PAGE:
Sure, periods are natural and just a part of life but they can also be overwhelming and even scary for young girls. It’s important to approach your daughter’s first period talk with sensitivity and confidence. We’ve got all the tips you need to have ‘the chat’.
Elizabeth Chapman, the mother of 3 teenage daughters, gives the low down of how to approach that first period talk.
If your tween has started being grumpy for no apparent reason, answering back, or crying and doing a lot of extra sleeping, it’s a sign that their hormones have really kicked in and they’re in the early stages of puberty.
And if you haven’t had a conversation about periods with your tween yet, then you need to. Otherwise they will hear about it on the playground and you have no control over what they are told.
Don’t Go In All Heavy And Serious
The first period can start anytime between 8 – 14 years, with the average age being 12. Just keep the chat light and matter-of-fact. You can add lots of little conversations into everyday situations to build on the ‘first period talk’.
The first signs can come long before the moods come and include body odour (particularly underarms), break-outs or tiny spots on their face. Small breast buds develop and pubic hair starts growing. Start by teaching proper body hygiene. Encourage them to shower daily, focusing on their face, underarms and vulva.
You may notice a light discharge on your tweens underwear (clear or white). This usually occurs around ovulation and your tweens body may start cycling for 3 to 12 months before their first actual ‘blood discharg’’ period. This is all normal. Casually point it out to them. And mood changes, headaches and tummy cramps (PMS) may accompany this cycling, so encourage your tween to take note of the pattern.
First Period Survival Kit
An easy way to introduce sanitary items to the conversation is to leave a box of tampons, or a pad or your menstrual cup out and let the questions come. And then make a ‘First Period Survival Kit’ together. This is essential! You’ll need one for home and one for the school bag. A pencil case or small make-up bag will do the trick and should include; a spare pair of underwear, a pad (disposable or cloth) or a pair of period underwear. Talk about how to use the products and go through what they would do if they got their first period at school or a friend’s place or while you were at work or away.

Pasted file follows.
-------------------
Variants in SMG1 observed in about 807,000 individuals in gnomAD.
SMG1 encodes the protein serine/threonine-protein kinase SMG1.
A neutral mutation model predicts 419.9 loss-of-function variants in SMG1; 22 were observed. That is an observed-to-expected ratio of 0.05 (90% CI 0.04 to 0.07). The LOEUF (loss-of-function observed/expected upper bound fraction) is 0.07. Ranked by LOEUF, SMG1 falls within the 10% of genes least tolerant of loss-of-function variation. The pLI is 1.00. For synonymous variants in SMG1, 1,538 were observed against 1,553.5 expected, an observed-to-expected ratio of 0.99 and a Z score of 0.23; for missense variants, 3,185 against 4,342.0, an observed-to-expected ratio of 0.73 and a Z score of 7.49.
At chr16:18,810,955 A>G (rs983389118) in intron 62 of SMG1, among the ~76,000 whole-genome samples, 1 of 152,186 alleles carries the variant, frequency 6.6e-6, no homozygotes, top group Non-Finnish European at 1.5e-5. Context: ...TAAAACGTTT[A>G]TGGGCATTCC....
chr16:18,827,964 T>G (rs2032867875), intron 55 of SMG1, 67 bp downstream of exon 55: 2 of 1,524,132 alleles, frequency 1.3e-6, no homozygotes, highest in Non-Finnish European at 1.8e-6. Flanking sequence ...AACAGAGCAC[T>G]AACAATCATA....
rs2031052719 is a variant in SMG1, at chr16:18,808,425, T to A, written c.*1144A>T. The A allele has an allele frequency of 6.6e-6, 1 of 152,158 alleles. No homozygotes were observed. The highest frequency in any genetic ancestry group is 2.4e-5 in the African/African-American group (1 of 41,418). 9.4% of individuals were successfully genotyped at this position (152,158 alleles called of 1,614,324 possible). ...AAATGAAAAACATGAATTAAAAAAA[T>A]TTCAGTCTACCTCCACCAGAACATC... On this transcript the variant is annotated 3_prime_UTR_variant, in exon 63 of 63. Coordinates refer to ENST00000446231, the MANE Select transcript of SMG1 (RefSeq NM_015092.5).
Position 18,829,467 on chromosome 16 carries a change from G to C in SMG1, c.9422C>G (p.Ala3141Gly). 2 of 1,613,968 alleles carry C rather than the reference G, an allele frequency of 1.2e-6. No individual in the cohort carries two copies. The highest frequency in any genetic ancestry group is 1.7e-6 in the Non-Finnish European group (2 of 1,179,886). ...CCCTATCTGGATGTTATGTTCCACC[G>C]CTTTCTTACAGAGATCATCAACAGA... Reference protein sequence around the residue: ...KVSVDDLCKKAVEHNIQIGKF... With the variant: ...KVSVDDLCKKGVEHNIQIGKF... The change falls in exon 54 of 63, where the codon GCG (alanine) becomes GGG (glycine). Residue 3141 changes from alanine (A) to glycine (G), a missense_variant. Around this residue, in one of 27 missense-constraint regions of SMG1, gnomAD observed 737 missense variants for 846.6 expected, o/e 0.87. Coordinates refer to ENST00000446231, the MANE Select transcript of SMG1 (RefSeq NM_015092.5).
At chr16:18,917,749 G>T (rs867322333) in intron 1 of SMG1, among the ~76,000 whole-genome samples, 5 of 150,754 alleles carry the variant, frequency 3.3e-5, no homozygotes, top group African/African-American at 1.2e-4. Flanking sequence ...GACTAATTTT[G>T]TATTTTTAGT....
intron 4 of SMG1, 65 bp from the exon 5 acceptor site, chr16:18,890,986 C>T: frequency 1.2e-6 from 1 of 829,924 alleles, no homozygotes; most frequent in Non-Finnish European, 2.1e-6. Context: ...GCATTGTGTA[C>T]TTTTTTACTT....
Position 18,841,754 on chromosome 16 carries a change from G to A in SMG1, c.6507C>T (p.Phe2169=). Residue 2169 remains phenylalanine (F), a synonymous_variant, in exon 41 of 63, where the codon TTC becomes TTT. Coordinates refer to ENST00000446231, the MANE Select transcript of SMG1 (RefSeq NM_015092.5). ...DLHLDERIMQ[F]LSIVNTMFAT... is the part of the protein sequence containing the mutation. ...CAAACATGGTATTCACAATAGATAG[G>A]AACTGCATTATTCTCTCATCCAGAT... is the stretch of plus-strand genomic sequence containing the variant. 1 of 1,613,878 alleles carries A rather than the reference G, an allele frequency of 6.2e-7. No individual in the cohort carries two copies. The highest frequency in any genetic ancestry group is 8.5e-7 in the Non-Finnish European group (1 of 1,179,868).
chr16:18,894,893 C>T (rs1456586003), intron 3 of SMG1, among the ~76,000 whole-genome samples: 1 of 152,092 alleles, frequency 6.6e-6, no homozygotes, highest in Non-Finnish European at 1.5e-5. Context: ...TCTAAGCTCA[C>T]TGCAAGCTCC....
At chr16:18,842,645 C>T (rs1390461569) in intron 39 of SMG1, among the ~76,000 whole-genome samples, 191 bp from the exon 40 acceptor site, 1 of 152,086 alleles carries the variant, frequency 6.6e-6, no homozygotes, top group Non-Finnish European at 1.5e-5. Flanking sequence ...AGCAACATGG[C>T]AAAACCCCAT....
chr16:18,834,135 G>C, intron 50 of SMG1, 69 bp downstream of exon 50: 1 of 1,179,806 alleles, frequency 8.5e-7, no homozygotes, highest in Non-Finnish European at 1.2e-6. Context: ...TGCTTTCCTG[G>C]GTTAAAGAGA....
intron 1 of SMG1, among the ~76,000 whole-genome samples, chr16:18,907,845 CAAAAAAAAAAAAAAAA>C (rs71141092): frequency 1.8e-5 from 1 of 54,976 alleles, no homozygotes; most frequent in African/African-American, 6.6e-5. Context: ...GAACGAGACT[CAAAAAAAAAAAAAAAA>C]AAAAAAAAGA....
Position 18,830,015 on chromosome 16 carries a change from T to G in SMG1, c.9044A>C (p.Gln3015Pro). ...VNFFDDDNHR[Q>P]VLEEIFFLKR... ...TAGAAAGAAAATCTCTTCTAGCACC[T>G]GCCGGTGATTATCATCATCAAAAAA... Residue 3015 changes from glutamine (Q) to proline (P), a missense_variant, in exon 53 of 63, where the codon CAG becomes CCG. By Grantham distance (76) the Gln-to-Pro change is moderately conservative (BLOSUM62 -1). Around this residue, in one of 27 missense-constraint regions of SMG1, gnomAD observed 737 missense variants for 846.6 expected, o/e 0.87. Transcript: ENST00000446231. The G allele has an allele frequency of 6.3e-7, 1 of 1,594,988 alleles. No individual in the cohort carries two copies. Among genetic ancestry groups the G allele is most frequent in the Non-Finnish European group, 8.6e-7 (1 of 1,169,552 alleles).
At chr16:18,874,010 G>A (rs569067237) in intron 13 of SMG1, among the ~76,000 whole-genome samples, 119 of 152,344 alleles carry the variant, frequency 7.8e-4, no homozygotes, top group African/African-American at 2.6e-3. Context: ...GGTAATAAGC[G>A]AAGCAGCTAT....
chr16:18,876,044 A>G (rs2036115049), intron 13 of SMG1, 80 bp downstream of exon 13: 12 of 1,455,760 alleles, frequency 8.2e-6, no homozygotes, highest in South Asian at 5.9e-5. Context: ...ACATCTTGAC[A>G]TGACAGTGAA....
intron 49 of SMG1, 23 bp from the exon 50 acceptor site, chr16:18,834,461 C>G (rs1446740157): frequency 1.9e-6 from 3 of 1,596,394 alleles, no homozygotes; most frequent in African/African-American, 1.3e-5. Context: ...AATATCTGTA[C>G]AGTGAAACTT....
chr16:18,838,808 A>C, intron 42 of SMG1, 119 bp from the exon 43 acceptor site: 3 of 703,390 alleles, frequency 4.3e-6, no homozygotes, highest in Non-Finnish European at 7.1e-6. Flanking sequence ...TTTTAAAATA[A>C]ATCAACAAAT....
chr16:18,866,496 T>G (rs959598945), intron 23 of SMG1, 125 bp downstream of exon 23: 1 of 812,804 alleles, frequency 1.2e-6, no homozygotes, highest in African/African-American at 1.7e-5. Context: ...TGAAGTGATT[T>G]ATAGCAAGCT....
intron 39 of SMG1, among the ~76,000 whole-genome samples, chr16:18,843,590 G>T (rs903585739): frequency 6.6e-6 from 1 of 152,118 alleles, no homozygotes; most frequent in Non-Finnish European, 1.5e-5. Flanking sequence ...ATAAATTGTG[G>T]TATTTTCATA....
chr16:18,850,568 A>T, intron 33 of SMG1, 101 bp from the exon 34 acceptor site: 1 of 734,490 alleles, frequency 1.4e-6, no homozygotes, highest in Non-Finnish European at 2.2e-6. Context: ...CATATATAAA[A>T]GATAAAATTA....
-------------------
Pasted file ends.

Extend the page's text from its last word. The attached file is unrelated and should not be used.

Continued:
Make sure you cover all the options when talking to your tween about sanitary products and allow them to own their period by choosing the products they want to use. Modern cloth pads and Period underwear are brilliant for younger tweens and offer sustainable options that will save a fortune in the long term. Menstrual cups are suitable for teens who are more confident with their period and can take a few cycles to master.
Remember to talk to your tween about periods in a factual and positive manner, as this will build confidence and normalises their attitude towards menstruating and their changing body.
How would/did you approach that first period talk? Tell us in the comments below.